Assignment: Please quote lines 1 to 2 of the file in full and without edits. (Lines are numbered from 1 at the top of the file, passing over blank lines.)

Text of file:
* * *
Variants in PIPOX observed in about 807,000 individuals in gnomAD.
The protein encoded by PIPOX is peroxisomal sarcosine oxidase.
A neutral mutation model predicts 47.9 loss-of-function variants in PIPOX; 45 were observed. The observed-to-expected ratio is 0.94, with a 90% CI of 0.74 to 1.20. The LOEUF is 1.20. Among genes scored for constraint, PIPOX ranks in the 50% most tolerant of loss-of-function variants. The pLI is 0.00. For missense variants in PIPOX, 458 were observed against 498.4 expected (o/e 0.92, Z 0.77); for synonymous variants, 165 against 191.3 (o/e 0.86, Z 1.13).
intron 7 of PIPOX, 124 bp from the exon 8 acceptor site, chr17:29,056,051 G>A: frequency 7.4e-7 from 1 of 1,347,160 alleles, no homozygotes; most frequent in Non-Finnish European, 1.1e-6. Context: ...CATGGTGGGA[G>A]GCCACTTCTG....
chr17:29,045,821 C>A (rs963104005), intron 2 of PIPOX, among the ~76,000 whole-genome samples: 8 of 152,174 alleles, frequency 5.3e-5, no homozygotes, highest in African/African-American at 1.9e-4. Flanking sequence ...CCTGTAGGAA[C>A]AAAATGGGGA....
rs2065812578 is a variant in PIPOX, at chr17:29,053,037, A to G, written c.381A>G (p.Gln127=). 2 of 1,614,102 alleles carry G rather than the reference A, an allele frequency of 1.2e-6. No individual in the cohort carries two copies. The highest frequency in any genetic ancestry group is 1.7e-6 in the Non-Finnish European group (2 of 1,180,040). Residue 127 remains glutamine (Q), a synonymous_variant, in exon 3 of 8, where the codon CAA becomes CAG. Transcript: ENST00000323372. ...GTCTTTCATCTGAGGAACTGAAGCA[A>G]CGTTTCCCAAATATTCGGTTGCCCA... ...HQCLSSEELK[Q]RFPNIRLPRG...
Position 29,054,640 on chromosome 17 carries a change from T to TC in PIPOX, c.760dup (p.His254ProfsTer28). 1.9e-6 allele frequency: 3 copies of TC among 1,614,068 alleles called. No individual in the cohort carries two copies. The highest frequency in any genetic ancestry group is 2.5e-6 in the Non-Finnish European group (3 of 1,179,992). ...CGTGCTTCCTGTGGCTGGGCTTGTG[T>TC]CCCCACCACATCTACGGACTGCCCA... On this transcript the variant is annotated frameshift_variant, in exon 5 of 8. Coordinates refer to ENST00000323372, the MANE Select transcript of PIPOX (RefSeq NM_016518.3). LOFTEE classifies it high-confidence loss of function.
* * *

Variants in PIPOX observed in about 807,000 individuals in gnomAD.
The protein encoded by PIPOX is peroxisomal sarcosine oxidase.